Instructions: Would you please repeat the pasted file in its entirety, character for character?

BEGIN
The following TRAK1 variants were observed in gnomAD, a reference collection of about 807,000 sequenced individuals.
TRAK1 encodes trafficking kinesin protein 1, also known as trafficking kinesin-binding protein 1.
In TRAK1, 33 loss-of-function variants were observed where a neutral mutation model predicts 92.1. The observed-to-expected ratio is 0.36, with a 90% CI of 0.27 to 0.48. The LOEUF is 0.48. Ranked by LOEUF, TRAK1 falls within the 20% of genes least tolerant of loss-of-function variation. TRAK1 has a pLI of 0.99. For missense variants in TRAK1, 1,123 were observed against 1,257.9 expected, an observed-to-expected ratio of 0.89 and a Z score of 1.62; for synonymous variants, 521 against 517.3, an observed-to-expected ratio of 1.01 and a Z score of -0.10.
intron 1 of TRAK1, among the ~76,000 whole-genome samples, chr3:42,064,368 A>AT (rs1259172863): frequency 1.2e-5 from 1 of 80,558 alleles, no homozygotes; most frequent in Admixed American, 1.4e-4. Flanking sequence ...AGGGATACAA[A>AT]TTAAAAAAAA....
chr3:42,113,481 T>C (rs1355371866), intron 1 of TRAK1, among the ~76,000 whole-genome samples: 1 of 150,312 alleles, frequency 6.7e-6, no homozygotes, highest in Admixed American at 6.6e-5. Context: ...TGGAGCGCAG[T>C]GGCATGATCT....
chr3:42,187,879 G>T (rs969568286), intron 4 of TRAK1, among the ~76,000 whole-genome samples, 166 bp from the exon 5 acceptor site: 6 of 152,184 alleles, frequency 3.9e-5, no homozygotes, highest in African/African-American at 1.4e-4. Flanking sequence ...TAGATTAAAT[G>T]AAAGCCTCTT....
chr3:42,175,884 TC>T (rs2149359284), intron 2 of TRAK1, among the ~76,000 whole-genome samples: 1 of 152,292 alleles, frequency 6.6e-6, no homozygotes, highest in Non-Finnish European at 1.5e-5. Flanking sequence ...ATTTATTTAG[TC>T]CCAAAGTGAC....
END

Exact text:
The following TRAK1 variants were observed in gnomAD, a reference collection of about 807,000 sequenced individuals.
TRAK1 encodes trafficking kinesin protein 1, also known as trafficking kinesin-binding protein 1.
In TRAK1, 33 loss-of-function variants were observed where a neutral mutation model predicts 92.1. The observed-to-expected ratio is 0.36, with a 90% CI of 0.27 to 0.48. The LOEUF is 0.48. Ranked by LOEUF, TRAK1 falls within the 20% of genes least tolerant of loss-of-function variation. TRAK1 has a pLI of 0.99. For missense variants in TRAK1, 1,123 were observed against 1,257.9 expected, an observed-to-expected ratio of 0.89 and a Z score of 1.62; for synonymous variants, 521 against 517.3, an observed-to-expected ratio of 1.01 and a Z score of -0.10.
intron 1 of TRAK1, among the ~76,000 whole-genome samples, chr3:42,064,368 A>AT (rs1259172863): frequency 1.2e-5 from 1 of 80,558 alleles, no homozygotes; most frequent in Admixed American, 1.4e-4. Flanking sequence ...AGGGATACAA[A>AT]TTAAAAAAAA....
chr3:42,113,481 T>C (rs1355371866), intron 1 of TRAK1, among the ~76,000 whole-genome samples: 1 of 150,312 alleles, frequency 6.7e-6, no homozygotes, highest in Admixed American at 6.6e-5. Context: ...TGGAGCGCAG[T>C]GGCATGATCT....
chr3:42,187,879 G>T (rs969568286), intron 4 of TRAK1, among the ~76,000 whole-genome samples, 166 bp from the exon 5 acceptor site: 6 of 152,184 alleles, frequency 3.9e-5, no homozygotes, highest in African/African-American at 1.4e-4. Flanking sequence ...TAGATTAAAT[G>T]AAAGCCTCTT....
chr3:42,175,884 TC>T (rs2149359284), intron 2 of TRAK1, among the ~76,000 whole-genome samples: 1 of 152,292 alleles, frequency 6.6e-6, no homozygotes, highest in Non-Finnish European at 1.5e-5. Flanking sequence ...ATTTATTTAG[TC>T]CCAAAGTGAC....